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Lawrence Garfinkel dies at 88; statistician helped link smoking to lung cancer

Lawrence Garfinkel, the statistician who overcame his lack of a doctoral degree and training in oncology to become one of the driving forces in demonstrating that smoking causes lung cancer, died Jan. 21 in Seattle. He was 88.

The cause of death was cardiovascular disease, according to his son Martin.

Garfinkel oversaw the training of thousands of volunteers for the American Cancer Society and helped conduct two of the largest epidemiological studies ever, enrolling more than 2.2 million men and women. Those studies, along with the British Doctors' Study, played key roles in formulating the landmark 1964 surgeon general's report on smoking and health.

"Larry Garfinkel joined the American Cancer Society as a young scientist in 1947, and for more than four decades played an instrumental role in expanding knowledge of and reducing death from smoking," said John R. Seffrin, chief executive of the society. "His remarkable achievement is an important reminder what a tremendous impact an individual can make, and inspires all of us to continue the fight against cancer."

Upon Garfinkel's retirement from the society in 1989, Dr. Richard D. Klausner, then head of the National Cancer Institute, said, "Few individuals have contributed as much to our present-day knowledge about the disease consequences of smoking."


Before 1930, lung cancer was a rare disease never encountered by most physicians. But World War I had turned many American males into smokers, and the aftermath began to become apparent in the 1940s. By 1950, four separate retrospective studies had linked smoking to the disease.

In 1951, British researchers enrolled 40,000 physicians in a study that lasted more than 40 years. At the same time, the cancer society's Dr. E. Cuyler Hammond and Dr. Daniel Horn enrolled 187,783 white males in nine states in a similar study.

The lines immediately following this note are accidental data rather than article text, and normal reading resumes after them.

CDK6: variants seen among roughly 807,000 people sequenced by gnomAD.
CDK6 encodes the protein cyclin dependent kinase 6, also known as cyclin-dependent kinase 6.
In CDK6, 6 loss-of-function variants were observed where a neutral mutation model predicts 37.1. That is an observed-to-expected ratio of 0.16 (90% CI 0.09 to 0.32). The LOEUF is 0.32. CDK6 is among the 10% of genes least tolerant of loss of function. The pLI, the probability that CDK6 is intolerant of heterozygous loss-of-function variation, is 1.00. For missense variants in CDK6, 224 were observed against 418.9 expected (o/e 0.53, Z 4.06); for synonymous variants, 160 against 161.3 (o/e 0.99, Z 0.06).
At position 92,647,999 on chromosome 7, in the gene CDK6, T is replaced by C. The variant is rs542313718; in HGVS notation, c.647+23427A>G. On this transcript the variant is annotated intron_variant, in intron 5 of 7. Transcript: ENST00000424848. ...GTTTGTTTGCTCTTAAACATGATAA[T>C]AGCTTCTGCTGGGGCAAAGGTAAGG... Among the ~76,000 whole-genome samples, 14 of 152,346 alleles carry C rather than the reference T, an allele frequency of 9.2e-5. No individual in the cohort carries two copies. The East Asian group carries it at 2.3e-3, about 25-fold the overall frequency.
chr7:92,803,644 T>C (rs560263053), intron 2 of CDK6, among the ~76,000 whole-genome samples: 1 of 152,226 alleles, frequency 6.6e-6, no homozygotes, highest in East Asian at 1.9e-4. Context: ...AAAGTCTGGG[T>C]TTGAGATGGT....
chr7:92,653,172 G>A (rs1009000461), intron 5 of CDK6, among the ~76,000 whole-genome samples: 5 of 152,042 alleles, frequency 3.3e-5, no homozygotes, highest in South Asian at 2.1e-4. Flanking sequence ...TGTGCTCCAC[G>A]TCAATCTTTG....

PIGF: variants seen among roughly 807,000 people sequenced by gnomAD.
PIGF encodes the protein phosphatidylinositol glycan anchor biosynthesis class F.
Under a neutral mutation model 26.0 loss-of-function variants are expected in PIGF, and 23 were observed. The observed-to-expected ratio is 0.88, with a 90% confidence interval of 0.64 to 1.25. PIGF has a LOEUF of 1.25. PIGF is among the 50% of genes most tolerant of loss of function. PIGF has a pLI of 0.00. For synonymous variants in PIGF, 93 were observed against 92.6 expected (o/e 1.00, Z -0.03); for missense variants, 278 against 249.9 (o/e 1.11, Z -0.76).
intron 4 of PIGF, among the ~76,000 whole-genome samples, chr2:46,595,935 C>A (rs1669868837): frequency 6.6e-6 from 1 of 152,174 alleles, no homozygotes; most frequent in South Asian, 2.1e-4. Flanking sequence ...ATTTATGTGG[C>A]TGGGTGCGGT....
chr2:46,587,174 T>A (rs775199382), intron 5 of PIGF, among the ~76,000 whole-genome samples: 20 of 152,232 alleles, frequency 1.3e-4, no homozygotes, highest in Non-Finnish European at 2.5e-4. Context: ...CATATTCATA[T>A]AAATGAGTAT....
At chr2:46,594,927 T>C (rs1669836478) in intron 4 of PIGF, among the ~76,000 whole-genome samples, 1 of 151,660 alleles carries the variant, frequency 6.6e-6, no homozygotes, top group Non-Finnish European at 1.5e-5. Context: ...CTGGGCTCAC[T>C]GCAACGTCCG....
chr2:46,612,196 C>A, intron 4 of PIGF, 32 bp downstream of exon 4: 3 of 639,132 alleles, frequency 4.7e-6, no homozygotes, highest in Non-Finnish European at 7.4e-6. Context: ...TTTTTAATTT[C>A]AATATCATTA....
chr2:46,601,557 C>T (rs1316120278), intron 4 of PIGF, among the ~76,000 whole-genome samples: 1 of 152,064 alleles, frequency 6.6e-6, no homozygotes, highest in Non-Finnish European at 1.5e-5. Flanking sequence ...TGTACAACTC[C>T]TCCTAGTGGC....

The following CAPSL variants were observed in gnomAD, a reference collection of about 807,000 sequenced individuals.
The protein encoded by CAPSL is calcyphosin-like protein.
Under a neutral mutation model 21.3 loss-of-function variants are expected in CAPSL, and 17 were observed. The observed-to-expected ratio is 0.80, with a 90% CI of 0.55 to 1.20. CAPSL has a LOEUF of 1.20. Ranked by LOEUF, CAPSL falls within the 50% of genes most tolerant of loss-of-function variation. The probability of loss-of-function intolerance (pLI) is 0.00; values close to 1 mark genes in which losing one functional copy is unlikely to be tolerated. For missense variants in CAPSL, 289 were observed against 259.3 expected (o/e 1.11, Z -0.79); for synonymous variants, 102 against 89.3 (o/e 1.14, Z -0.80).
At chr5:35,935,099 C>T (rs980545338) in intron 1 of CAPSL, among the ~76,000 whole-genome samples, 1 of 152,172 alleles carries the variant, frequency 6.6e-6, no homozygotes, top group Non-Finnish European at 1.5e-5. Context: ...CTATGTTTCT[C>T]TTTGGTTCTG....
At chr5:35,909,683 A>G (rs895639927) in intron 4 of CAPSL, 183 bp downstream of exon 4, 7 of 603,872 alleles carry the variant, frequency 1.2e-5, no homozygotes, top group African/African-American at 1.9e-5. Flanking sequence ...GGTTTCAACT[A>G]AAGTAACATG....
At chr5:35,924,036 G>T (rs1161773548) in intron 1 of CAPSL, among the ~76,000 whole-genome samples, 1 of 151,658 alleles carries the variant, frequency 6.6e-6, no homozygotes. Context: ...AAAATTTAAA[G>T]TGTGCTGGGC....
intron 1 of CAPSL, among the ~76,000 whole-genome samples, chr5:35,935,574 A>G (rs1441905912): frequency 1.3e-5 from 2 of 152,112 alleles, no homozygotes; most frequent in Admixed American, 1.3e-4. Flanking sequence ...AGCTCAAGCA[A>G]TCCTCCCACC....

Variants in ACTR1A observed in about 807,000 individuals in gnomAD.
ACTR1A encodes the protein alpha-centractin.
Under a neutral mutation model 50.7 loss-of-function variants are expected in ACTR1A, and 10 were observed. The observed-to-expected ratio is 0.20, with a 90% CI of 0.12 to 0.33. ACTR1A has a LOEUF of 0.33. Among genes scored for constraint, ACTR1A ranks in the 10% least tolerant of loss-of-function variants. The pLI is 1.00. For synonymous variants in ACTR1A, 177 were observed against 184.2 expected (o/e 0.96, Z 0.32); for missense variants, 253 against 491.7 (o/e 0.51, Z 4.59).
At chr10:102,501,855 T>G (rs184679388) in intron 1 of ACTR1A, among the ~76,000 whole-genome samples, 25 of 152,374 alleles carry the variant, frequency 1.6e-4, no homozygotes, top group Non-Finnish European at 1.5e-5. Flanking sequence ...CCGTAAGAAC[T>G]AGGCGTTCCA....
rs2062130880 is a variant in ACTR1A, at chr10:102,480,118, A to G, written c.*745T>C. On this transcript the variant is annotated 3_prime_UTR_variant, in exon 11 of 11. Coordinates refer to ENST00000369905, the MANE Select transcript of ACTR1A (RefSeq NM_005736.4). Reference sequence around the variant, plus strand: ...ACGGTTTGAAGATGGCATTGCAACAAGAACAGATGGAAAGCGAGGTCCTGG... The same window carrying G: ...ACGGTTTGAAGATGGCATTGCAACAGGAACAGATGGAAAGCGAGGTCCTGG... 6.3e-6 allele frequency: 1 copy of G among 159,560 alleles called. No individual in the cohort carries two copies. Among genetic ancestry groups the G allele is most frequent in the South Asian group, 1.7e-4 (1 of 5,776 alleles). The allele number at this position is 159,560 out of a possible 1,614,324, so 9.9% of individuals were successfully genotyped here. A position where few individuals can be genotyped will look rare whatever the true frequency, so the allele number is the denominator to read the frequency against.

Garfinkel, who had joined the society as a statistician in 1947, was directly responsible for the fieldwork in the study, training the thousands of volunteers who collected the data. The two studies clearly showed that lung cancer was a direct result of smoking, but many refused to accept the findings.

When the society began its 1959 Cancer Prevention Study I of 1 million people, Garfinkel was promoted to co-principal investigator. In addition to training volunteers, he took an integral role in analyzing data and publishing the results, and he was coauthor with Hammond of the 1961 paper, "Smoking Habits of Men and Women," that reported the first results from the study.

When Hammond retired in 1979, Garfinkel took over his position and organized the Cancer Prevention Study II, which included 1.2 million participants from all 50 states and Puerto Rico. It remains the largest epidemiological study of its kind ever attempted.

In 1988, he and Dr. Steve Stellman, now at Columbia University, reported the shocking finding the mortality rate from lung cancer in female smokers was five times as high in the new study as it had been in the earlier study. Nonsmoking women showed no increase in lung cancer — convincing evidence that lung cancer was primarily a disease of smokers.

In later studies, Garfinkel also showed a link between cancer and air pollution and obesity.

Lawrence Garfinkel was born in Manhattan on Jan. 11, 1922, to Polish immigrants and raised in the South Bronx. He graduated high school at 15 and enrolled at City College of New York, working in the garment district by day and attending classes at night, studying on the subway. His education was interrupted by the war and he joined the Army infantry. Seriously wounded by shrapnel in France in August 1944, he recuperated for months before returning to school and work.


Because he was working, it took 10 years to earn his bachelor's degree in statistics from CCNY. He then earned a master's in the discipline from Columbia University, before joining the cancer society.

He published more than 100 scientific reports during his career. Even after his retirement, he continued to volunteer for the cancer society, and taught biostatistics at New York University's dental school.

"He was truly a giant in the field of epidemiology," Stellman said. "He was also kind and modest, and a wonderful collaborator who cared deeply about the volunteers and professional staff that made ACS a unique research organization."

Garfinkel moved to Seattle in 2004 to be near his extended family.

His wife, Celia, died in 1993. He is survived by two sons, Martin of Seattle and Herb of San Francisco; two brothers, Harold of Margate, Fla., and Melvin of Farmington, Conn.; and two grandchildren.

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